We do all we can to ensure these four plants have everything they could possibly need to thrive and have gone through great lengths to care for them. These four plants now span the globe whereas without our fascination, they might have only stayed in one corner of the world. We have both benefited greatly from our partnership, it can’t be denied.

Similarly, the reader and the material also both benefit with Scott Brick narrating. He has narrated several of Pollan’s books, and I enjoyed his thoughtful performance. He has a knack for dramatic pauses and meaningful emphasis on some phrases, which I enjoy though I have read many reviews that dislike that tendency. It’s a very distinctive narration style and I think it enhances the material, though it is certainly fascinating on its own.

The Botany of Desire is truly an incredible book that gives plants the rightful recognition they deserve by exploring how they are not helpless organisms that mindlessly submit to the desires of humans. Plants have agency and are makers of their own destiny. I cannot recommend the book enough. After finishing this audiobook, I can’t wait to listen to some of Pollan’s other books, which mostly cover modern food science and agricultural systems.

  1. Lab Girl; written and read by Hope Jahren


My good friend Shoshanna Freeman recommended this book to me – she told me that she enjoyed the book, but that it had a bit too much “plant stuff” in it for her taste. Luckily, plant stuff is just my thing so I promptly borrowed the book from Overdrive.

Geochemists are not often known for their ability to write engaging prose, but Jahren excels in this field.

I wasn’t sure what to expect with this book – was it one scientist’s autobiography, an exploration into being a woman in science, or detailed geochemsitry research? It was truly all the above, and more so.

I learned so much while listening to this book. As someone not involved in the intricacies of scientific research, I had no idea how reliable the longevity of the position is on funding, how much it costs to conduct research at the highest level, and the challenge of the constant quest for funding.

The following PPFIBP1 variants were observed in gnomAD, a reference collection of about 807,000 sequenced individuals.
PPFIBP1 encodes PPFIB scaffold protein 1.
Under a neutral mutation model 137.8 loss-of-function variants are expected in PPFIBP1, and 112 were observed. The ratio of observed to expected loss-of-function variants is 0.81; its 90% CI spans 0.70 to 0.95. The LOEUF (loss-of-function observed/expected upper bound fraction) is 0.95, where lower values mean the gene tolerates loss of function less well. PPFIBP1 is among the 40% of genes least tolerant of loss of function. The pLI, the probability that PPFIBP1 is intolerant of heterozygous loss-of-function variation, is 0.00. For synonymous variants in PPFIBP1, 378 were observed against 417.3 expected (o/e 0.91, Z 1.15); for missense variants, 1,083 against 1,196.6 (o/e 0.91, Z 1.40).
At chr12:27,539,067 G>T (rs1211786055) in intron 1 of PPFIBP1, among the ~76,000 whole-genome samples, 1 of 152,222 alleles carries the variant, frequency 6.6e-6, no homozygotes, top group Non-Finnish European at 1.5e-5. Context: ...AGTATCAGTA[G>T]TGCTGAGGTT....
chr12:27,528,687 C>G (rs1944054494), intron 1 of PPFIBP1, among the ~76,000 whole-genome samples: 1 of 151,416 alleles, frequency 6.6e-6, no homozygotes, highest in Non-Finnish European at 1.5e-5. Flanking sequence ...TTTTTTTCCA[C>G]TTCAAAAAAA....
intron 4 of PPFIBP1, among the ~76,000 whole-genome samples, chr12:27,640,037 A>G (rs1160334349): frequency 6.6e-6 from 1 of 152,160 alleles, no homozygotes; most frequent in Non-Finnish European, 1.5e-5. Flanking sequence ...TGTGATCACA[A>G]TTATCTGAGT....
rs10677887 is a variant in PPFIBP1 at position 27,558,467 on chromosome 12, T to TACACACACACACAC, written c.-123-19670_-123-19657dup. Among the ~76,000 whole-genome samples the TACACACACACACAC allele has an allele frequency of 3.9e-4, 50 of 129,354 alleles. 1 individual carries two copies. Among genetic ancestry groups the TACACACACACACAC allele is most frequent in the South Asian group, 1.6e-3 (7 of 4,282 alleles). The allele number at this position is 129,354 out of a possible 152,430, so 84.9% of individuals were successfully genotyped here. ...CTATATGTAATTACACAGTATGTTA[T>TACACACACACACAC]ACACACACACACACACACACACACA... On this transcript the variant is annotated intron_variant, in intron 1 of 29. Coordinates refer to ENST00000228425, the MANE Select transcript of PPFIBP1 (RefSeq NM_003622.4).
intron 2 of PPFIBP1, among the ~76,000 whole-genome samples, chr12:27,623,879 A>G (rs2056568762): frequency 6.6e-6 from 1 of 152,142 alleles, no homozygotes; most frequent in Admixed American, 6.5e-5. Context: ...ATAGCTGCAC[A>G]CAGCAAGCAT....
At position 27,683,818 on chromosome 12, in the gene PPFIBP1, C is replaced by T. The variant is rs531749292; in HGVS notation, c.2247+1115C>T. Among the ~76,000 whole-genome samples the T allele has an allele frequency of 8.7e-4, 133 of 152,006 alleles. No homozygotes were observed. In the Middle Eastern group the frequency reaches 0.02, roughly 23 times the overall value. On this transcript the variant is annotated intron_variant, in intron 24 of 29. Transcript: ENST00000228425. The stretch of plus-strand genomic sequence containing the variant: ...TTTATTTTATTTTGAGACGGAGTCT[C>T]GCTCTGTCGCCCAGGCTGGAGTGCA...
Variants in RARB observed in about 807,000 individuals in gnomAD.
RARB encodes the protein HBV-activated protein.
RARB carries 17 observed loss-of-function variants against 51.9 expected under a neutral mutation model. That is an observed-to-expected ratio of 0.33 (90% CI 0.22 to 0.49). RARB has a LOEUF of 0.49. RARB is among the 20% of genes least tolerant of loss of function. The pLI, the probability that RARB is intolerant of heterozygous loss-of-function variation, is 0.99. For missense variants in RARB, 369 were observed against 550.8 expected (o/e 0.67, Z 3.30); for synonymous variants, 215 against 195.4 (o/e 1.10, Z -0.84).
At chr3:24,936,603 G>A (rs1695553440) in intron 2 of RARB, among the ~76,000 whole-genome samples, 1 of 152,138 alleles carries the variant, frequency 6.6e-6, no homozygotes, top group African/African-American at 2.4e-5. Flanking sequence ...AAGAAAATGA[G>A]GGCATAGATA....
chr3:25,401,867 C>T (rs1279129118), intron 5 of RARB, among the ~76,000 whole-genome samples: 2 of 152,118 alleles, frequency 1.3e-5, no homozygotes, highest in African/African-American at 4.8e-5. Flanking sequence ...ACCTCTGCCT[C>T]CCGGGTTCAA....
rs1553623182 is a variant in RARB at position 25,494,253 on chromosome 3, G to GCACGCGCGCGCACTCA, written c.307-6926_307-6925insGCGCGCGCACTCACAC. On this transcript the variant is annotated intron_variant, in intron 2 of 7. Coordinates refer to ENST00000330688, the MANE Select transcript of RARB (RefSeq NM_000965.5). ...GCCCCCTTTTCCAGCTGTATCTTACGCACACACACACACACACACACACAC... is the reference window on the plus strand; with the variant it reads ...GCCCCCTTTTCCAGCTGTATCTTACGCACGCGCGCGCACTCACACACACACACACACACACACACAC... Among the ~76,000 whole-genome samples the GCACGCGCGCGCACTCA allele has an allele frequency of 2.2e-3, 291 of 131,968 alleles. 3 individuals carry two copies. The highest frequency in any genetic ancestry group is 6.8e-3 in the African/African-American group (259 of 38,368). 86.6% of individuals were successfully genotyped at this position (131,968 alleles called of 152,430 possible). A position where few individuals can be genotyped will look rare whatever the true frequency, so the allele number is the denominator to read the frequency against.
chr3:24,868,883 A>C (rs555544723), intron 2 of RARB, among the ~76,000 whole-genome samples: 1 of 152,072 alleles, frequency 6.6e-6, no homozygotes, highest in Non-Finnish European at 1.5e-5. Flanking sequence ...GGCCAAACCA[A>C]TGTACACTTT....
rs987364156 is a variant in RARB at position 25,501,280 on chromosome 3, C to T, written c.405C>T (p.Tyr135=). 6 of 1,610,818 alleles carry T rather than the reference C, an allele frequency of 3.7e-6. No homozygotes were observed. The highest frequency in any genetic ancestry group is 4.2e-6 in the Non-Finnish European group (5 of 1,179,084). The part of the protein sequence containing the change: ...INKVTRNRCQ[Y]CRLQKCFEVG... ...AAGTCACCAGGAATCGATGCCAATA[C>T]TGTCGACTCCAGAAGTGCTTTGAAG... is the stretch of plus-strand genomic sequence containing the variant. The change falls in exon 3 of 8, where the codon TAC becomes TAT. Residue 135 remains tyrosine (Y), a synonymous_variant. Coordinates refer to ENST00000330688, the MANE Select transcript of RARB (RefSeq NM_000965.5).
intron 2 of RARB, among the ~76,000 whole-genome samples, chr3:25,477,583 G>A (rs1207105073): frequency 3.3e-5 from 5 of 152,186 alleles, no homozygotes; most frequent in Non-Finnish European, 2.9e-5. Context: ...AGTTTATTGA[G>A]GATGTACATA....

At times, her descriptions of her scientific research were too detailed for my preference. Had I been reading a physical copy of the book, I might have put it down. However Jahren’s narration held me captivated. Her moving performance added so much to the material. Her voice strongly conveyed the emotions she was feeling as she dealt with finding funding for her research, as well as being a woman in science.

Overall Lab Girl is a stunning, moving portrayal of what it means to be a woman in science, how fascinating, complex, and miraculous plant life is, and the impact humans are having on the planet.

  1. The Hidden Life of Trees: What They Feel, How They Communicate – Discoveries of a Secret World; written by Peter Wohllenben, narrated by Mike Grady


I have read so many sterling reviews about the groundbreaking information presented in Wohllenben’s newest book. I’ve always loved trees so this book was quickly added to my list of “must read.” The Hidden Life of Trees helped continue my depth of knowledge about trees in an entirely different direction – trees as social beings. Most people think of plants, trees especially, as incapable of thought, speech, taste, and feeling. But Wohllenben strongly argues against all of those restrictions, and more, with the latest scientific research. He retools how we think of speech. After all, what is speech but patterns of sound waves interpreted to have specific meaning? Trees speak via crackling roots. Whereas I would intuitively add quotations around “speak” and “taste” when referring to trees, Wohllenben does no such thing and argues that trees do speak and do taste, just differently than people. But different doesn’t mean wrong or impossible, we just have to expand our definition to include diverse styles of communication.

Trees help each other, strategically plan their growth and reproduction.

As all good plant books do, Wohllenben also passionately advocates for the preservation of trees and their ecosystems. He argues for this conservation on a multiprong approach – trees themselves have inherent value, they perform irreplaceable ecosystem services, and humans need them for a variety of reasons.

At first I had trouble believing that trees can taste and have friends, especially listening to the dry tones of Mike Grady narrate. His performance was very calm and gentle, not as dramatic perhaps as the material needed, but overall decent. The text was a tad dry, Wohllenben doesn’t quite have the touch of the more elegant scientific writers, but it is still highly readable. And it is quite manageably only seven-and-half-hours, which is on the shorter sides of nonfiction texts.